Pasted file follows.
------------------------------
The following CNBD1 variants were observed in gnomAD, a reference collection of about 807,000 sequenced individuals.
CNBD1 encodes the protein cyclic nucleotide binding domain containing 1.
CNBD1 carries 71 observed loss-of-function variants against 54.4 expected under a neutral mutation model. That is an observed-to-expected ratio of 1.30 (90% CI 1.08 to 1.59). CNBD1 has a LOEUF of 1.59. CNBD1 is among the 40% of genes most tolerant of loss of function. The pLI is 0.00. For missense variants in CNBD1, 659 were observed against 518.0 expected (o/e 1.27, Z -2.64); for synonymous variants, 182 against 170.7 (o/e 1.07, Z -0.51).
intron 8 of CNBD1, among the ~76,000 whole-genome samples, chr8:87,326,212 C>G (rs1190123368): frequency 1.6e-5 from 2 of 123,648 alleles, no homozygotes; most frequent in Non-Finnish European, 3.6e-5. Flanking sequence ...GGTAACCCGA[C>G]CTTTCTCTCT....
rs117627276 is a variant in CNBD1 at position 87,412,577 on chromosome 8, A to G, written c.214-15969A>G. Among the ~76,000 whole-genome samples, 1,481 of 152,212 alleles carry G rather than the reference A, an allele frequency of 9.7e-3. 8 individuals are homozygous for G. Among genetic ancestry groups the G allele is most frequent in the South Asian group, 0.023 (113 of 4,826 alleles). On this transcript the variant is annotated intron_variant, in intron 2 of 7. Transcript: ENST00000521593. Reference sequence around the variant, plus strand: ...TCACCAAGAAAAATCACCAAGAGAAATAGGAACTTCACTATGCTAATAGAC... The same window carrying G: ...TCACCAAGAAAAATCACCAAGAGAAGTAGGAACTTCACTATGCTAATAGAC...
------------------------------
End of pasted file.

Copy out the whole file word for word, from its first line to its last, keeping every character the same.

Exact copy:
The following CNBD1 variants were observed in gnomAD, a reference collection of about 807,000 sequenced individuals.
CNBD1 encodes the protein cyclic nucleotide binding domain containing 1.
CNBD1 carries 71 observed loss-of-function variants against 54.4 expected under a neutral mutation model. That is an observed-to-expected ratio of 1.30 (90% CI 1.08 to 1.59). CNBD1 has a LOEUF of 1.59. CNBD1 is among the 40% of genes most tolerant of loss of function. The pLI is 0.00. For missense variants in CNBD1, 659 were observed against 518.0 expected (o/e 1.27, Z -2.64); for synonymous variants, 182 against 170.7 (o/e 1.07, Z -0.51).
intron 8 of CNBD1, among the ~76,000 whole-genome samples, chr8:87,326,212 C>G (rs1190123368): frequency 1.6e-5 from 2 of 123,648 alleles, no homozygotes; most frequent in Non-Finnish European, 3.6e-5. Flanking sequence ...GGTAACCCGA[C>G]CTTTCTCTCT....
rs117627276 is a variant in CNBD1 at position 87,412,577 on chromosome 8, A to G, written c.214-15969A>G. Among the ~76,000 whole-genome samples, 1,481 of 152,212 alleles carry G rather than the reference A, an allele frequency of 9.7e-3. 8 individuals are homozygous for G. Among genetic ancestry groups the G allele is most frequent in the South Asian group, 0.023 (113 of 4,826 alleles). On this transcript the variant is annotated intron_variant, in intron 2 of 7. Transcript: ENST00000521593. Reference sequence around the variant, plus strand: ...TCACCAAGAAAAATCACCAAGAGAAATAGGAACTTCACTATGCTAATAGAC... The same window carrying G: ...TCACCAAGAAAAATCACCAAGAGAAGTAGGAACTTCACTATGCTAATAGAC...